ISLAMABAD: Minister of State for Petroleum Musadik Malik on Tuesday said that the government is not deliberating on imposing any economic emergency in the country.
“The government recently paid $1 billion for Sukuk bonds. Pakistan has never defaulted in the past,” said the minister while talking to media persons here on Tuesday.
The minister further claimed that the US will not impose sanctions on Pakistan for the proposed deal of buying oil from Russia. A high-level delegation from Moscow will arrive in Islamabad on January 20.
Brushing aside claims of former Prime Minister Imran Khan about his alleged talks with Russia on oil import, Malik took credit for the proposed deal and said that the minutes of their meetings with Moscow officials can prove their claims. He said that the Ambassador of Russia said that they spoke to us about the gas pipeline.
Did the Ambassador of Russia also misstate, he asked, adding that the government is discussing and finalising the deal for the purchase of oil and gas with Russia. By January 20, the details of the purchase of oil from Russia will be made public, Malik added.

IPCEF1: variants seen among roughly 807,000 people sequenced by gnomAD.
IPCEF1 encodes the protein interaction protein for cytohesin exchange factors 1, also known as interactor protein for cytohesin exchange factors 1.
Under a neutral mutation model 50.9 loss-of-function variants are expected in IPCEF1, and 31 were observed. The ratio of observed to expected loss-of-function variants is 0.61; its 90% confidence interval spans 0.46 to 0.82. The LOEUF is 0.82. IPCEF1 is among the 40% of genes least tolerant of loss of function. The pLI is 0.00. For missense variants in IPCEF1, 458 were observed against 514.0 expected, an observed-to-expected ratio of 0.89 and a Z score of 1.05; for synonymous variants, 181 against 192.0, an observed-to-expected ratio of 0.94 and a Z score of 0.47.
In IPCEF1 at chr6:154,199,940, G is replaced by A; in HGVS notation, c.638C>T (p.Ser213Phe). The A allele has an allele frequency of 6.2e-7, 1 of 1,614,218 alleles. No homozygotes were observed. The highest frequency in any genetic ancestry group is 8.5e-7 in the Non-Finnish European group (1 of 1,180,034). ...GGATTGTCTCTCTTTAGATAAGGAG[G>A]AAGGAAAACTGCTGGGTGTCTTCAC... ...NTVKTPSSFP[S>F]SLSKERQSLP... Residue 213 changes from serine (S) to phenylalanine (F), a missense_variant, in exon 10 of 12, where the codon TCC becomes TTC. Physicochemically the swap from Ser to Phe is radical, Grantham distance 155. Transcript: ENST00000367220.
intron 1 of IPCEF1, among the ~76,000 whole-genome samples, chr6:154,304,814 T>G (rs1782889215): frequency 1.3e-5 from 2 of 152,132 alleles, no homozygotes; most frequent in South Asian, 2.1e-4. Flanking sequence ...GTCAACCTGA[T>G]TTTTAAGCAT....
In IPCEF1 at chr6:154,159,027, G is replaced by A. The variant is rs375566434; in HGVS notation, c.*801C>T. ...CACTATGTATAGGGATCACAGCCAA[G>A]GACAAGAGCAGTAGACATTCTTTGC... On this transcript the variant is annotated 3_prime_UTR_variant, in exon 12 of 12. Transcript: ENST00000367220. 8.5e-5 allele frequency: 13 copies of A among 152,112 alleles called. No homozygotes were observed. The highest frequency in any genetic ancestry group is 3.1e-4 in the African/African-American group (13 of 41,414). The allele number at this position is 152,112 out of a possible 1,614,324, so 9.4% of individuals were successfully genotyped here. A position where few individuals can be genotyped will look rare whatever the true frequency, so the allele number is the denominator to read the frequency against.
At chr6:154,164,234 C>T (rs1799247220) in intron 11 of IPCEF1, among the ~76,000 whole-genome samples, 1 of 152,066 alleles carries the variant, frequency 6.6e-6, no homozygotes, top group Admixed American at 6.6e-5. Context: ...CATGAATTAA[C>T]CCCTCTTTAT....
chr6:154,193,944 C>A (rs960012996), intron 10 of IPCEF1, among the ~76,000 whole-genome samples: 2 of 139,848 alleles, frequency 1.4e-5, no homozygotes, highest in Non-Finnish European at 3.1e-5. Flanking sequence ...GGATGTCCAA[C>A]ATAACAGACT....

Earlier, Malik said that the government is committed to completing the CASA-1000 and other clean energy projects as this would help save the future of the next generation.
He was speaking at a panel discussion titled: Energy Corridors: CASA 1000, on the second day of the 25th Sustainable Development Conference (SDC) organised by the Sustainable Development Policy Institute (SDPI), and jointly held alongside UNESCAP’s 6th South and Southwest Asia High-level Political Forum and Policy Dialogue on SDGs.
The four-day conference is being held in Islamabad from 5-8 December 2022.
He said this year or by the next year, the government has plans to add 10,000MW of solar energy to the national grid that would help achieve the target of 30 percent renewable energy share by 2030. He said if Pakistan’s annual GDP grows by 5-6 percent, its annual energy demand would increase by 10-12 percent. He expressed disappointment over the lukewarm response of the IFIs and development partners over the developing countries’ call of financing mega clean energy projects.